While most right-wing think tanks churn out studies and papers providing intellectual justification for conservative policy ideas, the American Legislative Exchange Council’s method of impacting public policy is markedly different. Acting as a sort of consortium, ALEC brings together state legislators, who pay $50 a year to join, and private-sector businesses, which pay dues ranging from $7,000 to $25,000, to discuss public policy and draft model state-level legislation. ALEC’s lawmaker members often introduce those model bills, sometimes word-for-word, in their home states. Although it purports to be “non-partisan,” code words like “limited government” and the fact that 24 out of the 26 state legislators on its board of directors are registered Republicans broadcast ALEC’s conservative perspective.
This centralized public-private legislative laboratory is a big part of the reason that conservative state-level bills often come in spates. The most notorious of these, brought to light in the wake of the death of 15-year-old Trayvon Martin, is Florida’s “Stand Your Ground” law. ALEC, in concert with the National Rifle Association, has successfully pushed versions of Florida’s statute in dozens of other states. Voter ID laws and other electoral restrictions, which in practice do little to combat the much-ballyhooed non-issue of voter fraud but do serve to disenfranchise groups likely to vote Democratic, have similar origins. After groups like Color of Change publicized the ties between ALEC’s corporate members and these measures, a number of high-profile businesses elected to withdraw from ALEC, and shortly thereafter, ALEC issued a statement pledging to focus on economic issues and do away with the Public Safety and Elections task force that generated the controversial bills.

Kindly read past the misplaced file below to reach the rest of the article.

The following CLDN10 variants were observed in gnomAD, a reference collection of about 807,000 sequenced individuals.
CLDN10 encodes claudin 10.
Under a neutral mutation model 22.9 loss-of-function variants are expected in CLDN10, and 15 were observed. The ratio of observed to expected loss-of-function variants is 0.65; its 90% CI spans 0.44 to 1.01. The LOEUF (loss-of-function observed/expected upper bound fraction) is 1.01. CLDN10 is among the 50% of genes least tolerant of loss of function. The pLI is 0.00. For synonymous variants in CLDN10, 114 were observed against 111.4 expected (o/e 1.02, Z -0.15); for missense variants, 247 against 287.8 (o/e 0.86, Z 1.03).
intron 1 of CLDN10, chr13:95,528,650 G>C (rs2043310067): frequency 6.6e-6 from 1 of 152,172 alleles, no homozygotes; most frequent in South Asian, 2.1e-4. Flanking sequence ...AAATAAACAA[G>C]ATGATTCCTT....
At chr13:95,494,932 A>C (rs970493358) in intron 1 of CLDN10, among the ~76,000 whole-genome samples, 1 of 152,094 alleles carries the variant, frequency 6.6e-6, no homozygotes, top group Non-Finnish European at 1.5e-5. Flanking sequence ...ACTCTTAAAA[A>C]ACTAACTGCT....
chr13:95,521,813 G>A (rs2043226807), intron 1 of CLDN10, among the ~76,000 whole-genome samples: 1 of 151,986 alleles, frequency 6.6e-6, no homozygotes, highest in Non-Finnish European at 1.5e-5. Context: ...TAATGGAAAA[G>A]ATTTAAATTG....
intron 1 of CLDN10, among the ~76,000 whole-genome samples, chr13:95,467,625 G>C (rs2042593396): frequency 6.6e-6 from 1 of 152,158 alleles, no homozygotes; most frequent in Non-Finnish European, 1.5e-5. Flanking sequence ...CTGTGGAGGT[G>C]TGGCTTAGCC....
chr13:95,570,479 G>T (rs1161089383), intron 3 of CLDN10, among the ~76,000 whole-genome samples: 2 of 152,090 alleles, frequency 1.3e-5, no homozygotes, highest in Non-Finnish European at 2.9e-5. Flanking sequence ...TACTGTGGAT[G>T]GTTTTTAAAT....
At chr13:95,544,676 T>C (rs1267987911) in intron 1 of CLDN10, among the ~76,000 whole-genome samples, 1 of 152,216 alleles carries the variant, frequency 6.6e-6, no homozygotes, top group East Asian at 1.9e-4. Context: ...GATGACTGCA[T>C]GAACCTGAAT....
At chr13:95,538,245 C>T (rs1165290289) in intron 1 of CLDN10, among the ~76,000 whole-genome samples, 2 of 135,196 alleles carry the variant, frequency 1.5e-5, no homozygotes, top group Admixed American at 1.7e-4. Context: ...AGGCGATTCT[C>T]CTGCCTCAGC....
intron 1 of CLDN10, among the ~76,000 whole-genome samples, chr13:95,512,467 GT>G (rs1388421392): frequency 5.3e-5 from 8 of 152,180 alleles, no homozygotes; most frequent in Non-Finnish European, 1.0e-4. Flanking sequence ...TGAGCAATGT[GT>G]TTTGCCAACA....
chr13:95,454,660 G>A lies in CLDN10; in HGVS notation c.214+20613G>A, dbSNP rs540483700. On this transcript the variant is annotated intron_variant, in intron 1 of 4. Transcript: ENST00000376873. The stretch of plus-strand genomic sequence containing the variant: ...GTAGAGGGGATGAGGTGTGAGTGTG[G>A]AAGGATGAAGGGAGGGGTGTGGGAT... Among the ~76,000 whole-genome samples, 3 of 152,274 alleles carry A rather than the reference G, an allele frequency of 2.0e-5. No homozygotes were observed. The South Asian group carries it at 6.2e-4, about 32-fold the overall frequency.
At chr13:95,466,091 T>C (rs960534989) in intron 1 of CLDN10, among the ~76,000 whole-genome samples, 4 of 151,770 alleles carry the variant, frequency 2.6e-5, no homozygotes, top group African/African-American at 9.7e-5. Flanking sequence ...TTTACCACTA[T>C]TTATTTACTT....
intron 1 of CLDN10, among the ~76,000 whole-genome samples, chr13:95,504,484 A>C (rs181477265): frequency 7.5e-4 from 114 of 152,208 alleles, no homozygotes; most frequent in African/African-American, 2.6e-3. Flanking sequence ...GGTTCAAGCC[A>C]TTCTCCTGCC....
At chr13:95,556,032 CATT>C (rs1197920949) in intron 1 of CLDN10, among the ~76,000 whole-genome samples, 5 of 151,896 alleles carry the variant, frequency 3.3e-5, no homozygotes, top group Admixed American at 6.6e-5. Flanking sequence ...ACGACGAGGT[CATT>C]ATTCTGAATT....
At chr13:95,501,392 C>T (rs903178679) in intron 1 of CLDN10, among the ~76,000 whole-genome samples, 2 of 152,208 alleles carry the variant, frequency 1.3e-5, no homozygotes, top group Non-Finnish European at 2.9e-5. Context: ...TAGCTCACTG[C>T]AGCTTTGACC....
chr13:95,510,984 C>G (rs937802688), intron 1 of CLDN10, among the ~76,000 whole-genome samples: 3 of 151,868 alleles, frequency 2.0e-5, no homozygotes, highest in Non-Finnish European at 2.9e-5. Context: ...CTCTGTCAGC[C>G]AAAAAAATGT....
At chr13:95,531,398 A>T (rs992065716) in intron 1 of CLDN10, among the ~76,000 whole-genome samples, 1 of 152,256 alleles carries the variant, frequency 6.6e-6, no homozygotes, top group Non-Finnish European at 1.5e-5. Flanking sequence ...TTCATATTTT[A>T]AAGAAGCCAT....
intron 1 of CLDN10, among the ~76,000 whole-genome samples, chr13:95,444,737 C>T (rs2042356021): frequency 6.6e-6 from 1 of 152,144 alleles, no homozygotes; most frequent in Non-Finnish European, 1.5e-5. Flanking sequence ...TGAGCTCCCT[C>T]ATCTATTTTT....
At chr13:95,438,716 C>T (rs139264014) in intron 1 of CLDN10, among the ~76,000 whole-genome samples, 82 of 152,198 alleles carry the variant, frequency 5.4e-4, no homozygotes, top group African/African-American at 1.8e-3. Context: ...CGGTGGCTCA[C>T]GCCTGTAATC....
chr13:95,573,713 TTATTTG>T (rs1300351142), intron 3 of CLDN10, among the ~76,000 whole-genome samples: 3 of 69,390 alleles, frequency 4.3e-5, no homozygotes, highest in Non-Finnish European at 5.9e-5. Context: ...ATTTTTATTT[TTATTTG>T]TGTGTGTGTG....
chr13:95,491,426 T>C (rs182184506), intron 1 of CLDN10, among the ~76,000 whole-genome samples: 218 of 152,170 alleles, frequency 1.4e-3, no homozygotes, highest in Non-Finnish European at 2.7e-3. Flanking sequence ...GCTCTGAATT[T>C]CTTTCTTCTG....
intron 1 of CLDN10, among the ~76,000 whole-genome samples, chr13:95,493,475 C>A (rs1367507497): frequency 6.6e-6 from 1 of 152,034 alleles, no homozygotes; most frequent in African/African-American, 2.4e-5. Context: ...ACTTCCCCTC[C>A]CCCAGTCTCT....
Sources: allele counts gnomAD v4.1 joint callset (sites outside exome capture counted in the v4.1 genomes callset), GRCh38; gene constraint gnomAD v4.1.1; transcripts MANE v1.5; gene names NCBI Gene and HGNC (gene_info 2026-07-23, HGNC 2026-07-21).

Other initiatives pushed by ALEC with some success align even more directly with a plainly conservative agenda. In addition to legislation that would deprive the government of revenue – “starve the beast” – a notable chunk of ALEC’s legislative priorities seek to edge public functions toward privatization. On everything from prisons to public schools to health care, ALEC consistently turns out model bills that would prune back government’s responsibilities and turn them into new streams of private-sector revenue for its corporate members.
Although as a 501(c)(3) ALEC does not have to disclose its donors, among its sources of cash is the unabashedly right-wing Lynde and Harry Bradley Foundation. It also benefits from Koch money; the Kochs’ business sits on ALEC’s board, and the Koch brothers lent ALEC a half-million dollars when the council was on rocky financial ground in the ‘90s. Foundation contributions like Bradley’s and corporate member dues like Koch’s account for the majority of ALEC’s $7 million budget.